RMS Mauretania bell to be auctioned in London
A century-old brass bell from one of the early 20th Century's fastest liners is to go on sale in London.
The Edwardian instrument, taken from the RMS Mauretania, will be auctioned on Wednesday.
After being taken off the ship, it was in the Cunard Building on Liverpool's Pier Head for three decades.
It is the only bell from the ship, which was built on the Tyne at Wallsend, not in a museum and is valued at £10,000.
The bell is one of three made for the 1906 launched liner and was on the ship for 30 years.
When it was broken up in 1936, the bell was removed to the Liverpool offices of shipping company Cunard.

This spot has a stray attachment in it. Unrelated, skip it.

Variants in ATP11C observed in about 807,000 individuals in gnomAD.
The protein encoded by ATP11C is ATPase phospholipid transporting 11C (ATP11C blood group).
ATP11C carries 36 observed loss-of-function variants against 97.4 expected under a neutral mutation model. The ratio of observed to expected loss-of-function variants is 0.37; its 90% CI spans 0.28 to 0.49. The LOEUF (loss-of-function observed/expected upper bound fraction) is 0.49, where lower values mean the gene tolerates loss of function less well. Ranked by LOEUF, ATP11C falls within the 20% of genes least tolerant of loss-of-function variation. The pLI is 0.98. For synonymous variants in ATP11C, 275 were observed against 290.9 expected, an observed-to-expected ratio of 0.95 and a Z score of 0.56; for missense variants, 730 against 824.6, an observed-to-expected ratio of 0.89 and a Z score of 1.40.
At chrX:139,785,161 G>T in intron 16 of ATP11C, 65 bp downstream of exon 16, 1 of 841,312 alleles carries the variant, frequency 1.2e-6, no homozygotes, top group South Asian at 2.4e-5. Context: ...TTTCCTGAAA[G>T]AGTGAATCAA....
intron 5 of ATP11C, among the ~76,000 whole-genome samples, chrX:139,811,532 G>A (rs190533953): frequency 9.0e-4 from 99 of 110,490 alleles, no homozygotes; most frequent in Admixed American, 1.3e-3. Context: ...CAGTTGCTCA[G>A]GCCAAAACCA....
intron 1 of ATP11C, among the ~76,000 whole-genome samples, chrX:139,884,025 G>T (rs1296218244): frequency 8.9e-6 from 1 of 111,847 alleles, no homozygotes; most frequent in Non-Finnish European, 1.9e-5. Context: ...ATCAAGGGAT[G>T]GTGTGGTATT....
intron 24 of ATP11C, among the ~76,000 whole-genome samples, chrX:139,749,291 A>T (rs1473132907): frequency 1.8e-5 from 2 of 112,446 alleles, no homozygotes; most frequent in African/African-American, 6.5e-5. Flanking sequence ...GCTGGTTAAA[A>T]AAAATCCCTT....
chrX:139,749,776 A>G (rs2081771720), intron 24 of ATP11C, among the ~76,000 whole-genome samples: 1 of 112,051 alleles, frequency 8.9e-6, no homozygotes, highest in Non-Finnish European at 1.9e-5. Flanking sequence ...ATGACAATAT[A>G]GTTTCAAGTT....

It stood in the lobby of the offices until the late 1960s, when the company moved to Southampton.
The Mauretania, named after an ancient Roman province, broke the record for the fastest transatlantic crossing in 1907.
Sailing from its home port of Liverpool, it held the title for 22 years.
The bell cabinet has the name Lusitania inscribed on the underside, suggesting it was originally meant for the Mauretania's ill-fated sister ship which was sunk by torpedo attack in 1915.
It is being auctioned by Charles Miller.